But when Jane’s fingerprints match those found at the grisly crime scene, Cora not only worries about her friend, but her own reputation. With angry townsfolk eager for justice and both Jane’s innocence and the retreat at risk, she must rely on her creative chops to unlace the truth behind the beloved librarian’s disturbing demise. Because if the killer’s patterns aren’t pinned, Cora’s handiwork could end up in stitches . . .

I like this one. When Cora’s BFF and partner becomes a prime suspect in a recent murder, there’s nothing left for Cora to do but clear her friend’s name while saving the craft retreat business she just started.

This begins a wonderfully crafted mystery where the narrative gave me insights into how this intriguing drama was going to play out. The author did an excellent job in setting this up by leading me one way and then changing the directions with several twists and turns that kept the story moving to a level that not only enhanced the telling of this tale, but had me enthralled in all that was happening with the murders, the theft and the vandalism. Are they connected? It’s a tangled weave of emotions that encapsulates how this will all ends. I loved how Cora took her role as an amateur sleuth one step further by working with the police instead of going off her own.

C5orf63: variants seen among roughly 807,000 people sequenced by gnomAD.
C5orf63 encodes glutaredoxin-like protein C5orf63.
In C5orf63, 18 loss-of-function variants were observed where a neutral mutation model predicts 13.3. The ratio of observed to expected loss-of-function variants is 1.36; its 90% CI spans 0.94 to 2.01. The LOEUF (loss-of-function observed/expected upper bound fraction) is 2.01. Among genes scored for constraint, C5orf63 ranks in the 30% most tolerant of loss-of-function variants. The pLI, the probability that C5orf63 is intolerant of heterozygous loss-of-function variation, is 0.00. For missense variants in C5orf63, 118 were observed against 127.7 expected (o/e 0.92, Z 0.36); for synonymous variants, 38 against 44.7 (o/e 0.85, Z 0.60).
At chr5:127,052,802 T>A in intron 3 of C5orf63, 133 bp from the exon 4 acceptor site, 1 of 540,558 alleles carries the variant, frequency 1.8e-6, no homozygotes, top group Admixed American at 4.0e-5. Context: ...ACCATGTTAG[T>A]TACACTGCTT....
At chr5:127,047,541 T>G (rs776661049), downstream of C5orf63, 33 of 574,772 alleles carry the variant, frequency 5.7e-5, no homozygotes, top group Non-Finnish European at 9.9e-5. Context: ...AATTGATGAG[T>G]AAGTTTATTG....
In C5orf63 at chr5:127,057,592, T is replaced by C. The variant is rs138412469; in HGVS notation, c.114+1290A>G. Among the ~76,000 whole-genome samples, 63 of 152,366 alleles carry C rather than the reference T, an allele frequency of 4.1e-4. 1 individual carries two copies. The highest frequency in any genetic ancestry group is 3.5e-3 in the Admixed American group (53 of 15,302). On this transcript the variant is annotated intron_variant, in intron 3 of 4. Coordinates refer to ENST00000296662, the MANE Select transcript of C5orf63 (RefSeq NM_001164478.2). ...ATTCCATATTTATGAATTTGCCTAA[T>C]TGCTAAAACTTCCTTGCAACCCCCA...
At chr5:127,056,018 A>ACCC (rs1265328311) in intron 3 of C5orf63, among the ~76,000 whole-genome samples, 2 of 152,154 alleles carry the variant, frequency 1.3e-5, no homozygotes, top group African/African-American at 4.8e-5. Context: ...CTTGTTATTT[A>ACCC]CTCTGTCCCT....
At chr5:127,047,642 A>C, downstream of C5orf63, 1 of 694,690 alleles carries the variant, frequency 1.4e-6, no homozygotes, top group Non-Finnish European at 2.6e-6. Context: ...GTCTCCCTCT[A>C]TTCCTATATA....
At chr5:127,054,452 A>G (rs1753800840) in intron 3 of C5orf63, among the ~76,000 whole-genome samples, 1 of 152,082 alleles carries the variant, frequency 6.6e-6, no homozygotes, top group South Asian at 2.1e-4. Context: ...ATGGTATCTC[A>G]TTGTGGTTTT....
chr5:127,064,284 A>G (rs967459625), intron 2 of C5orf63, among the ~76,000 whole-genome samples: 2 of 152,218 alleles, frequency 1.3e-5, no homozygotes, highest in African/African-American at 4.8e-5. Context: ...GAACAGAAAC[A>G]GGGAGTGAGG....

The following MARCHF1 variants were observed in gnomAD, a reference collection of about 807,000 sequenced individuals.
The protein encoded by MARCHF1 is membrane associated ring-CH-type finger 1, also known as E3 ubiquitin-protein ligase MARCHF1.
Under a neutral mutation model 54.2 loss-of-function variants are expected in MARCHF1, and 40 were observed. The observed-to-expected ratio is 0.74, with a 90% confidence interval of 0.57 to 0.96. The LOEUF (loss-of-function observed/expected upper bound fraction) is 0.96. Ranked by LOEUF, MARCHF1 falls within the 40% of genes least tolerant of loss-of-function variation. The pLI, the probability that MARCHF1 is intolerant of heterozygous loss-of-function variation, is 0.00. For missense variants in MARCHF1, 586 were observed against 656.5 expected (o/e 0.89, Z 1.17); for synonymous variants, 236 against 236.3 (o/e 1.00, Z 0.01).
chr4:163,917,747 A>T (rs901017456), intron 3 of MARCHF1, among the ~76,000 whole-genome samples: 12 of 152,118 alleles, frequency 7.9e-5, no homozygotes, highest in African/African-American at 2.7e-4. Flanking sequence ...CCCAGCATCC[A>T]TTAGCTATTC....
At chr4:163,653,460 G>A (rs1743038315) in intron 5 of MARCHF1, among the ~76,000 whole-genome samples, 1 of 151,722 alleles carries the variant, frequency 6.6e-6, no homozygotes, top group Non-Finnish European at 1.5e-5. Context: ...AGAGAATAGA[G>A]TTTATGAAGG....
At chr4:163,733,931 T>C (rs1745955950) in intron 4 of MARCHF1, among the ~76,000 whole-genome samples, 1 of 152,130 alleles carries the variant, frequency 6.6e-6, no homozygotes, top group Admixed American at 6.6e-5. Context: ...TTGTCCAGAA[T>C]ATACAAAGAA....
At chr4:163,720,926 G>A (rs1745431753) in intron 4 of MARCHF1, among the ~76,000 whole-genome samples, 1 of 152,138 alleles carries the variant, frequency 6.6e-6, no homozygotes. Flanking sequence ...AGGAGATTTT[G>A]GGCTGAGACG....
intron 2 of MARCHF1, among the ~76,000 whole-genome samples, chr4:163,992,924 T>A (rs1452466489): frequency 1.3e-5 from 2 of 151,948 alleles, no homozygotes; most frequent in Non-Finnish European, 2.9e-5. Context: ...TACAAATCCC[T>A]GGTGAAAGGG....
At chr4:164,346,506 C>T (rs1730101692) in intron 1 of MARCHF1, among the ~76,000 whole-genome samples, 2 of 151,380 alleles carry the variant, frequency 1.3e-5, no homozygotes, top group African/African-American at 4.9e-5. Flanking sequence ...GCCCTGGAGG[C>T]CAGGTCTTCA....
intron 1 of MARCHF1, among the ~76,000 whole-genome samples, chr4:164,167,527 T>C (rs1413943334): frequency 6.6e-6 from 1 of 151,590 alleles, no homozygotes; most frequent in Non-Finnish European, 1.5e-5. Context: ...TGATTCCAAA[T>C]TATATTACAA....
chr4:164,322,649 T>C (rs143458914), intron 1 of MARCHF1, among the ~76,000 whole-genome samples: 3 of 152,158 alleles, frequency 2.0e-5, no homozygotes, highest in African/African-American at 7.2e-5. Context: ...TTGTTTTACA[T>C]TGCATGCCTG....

With great character development, engaging dialogue and a comfortable tone, this is a delightfully charming addition to the cozy mystery genre and I look forward to the next adventures in Indigo Gap with Cora and her friends.